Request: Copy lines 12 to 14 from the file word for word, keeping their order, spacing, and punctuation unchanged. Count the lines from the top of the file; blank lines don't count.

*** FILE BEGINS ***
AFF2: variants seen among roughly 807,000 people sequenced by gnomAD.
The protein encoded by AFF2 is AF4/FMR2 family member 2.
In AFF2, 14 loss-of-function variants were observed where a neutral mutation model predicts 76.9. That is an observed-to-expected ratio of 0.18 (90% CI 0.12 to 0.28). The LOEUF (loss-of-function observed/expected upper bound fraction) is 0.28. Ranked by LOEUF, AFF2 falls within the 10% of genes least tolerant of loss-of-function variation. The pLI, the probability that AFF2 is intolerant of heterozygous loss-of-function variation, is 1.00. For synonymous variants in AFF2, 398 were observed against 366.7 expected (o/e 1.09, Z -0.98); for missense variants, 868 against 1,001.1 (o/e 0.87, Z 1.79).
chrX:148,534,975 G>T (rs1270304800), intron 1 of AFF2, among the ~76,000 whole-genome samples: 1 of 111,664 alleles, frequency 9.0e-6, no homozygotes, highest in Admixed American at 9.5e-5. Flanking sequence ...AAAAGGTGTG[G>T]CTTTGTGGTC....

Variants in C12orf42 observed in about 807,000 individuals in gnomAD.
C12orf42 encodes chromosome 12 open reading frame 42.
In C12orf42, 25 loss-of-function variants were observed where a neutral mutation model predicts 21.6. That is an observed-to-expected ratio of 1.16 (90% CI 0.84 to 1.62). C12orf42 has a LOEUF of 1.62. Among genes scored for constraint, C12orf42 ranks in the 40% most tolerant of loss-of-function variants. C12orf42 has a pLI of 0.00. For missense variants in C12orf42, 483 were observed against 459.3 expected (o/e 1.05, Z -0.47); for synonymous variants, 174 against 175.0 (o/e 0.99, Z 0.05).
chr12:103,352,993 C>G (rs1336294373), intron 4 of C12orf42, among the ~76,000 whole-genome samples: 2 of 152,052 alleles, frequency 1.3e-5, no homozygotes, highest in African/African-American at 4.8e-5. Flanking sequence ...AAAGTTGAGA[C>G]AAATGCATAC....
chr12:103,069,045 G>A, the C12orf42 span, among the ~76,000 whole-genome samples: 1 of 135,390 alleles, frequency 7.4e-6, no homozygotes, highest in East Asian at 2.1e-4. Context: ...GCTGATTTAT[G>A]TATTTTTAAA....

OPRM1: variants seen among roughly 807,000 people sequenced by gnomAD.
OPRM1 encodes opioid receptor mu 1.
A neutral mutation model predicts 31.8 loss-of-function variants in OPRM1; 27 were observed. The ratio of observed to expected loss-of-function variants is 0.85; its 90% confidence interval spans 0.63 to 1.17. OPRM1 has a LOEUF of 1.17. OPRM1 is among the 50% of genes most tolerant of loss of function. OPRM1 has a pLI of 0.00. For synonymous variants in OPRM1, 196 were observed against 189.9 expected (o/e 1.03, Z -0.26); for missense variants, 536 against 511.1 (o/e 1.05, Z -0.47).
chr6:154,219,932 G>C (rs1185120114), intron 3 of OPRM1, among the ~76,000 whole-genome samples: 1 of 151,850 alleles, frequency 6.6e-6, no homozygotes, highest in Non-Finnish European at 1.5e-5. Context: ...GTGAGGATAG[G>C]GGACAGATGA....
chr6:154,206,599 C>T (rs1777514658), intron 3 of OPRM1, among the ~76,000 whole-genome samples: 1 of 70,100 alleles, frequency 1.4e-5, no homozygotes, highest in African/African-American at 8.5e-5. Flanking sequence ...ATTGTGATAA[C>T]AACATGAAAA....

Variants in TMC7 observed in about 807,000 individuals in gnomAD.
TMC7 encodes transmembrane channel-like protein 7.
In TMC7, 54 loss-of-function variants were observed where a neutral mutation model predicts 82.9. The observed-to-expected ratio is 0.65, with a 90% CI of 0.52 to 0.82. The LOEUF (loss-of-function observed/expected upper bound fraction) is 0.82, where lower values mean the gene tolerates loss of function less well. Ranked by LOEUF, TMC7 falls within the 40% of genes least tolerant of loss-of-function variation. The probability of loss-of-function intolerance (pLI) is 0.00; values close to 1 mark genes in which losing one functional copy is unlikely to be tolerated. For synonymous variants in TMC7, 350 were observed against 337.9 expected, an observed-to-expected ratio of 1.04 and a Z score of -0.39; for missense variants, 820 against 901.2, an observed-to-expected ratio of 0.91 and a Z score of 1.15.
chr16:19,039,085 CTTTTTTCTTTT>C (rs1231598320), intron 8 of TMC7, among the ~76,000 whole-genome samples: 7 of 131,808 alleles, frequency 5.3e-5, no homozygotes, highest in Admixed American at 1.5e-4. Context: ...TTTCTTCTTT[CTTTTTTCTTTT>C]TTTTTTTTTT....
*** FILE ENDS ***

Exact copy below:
A neutral mutation model predicts 31.8 loss-of-function variants in OPRM1; 27 were observed. The ratio of observed to expected loss-of-function variants is 0.85; its 90% confidence interval spans 0.63 to 1.17. OPRM1 has a LOEUF of 1.17. OPRM1 is among the 50% of genes most tolerant of loss of function. OPRM1 has a pLI of 0.00. For synonymous variants in OPRM1, 196 were observed against 189.9 expected (o/e 1.03, Z -0.26); for missense variants, 536 against 511.1 (o/e 1.05, Z -0.47).
chr6:154,219,932 G>C (rs1185120114), intron 3 of OPRM1, among the ~76,000 whole-genome samples: 1 of 151,850 alleles, frequency 6.6e-6, no homozygotes, highest in Non-Finnish European at 1.5e-5. Context: ...GTGAGGATAG[G>C]GGACAGATGA....
chr6:154,206,599 C>T (rs1777514658), intron 3 of OPRM1, among the ~76,000 whole-genome samples: 1 of 70,100 alleles, frequency 1.4e-5, no homozygotes, highest in African/African-American at 8.5e-5. Flanking sequence ...ATTGTGATAA[C>T]AACATGAAAA....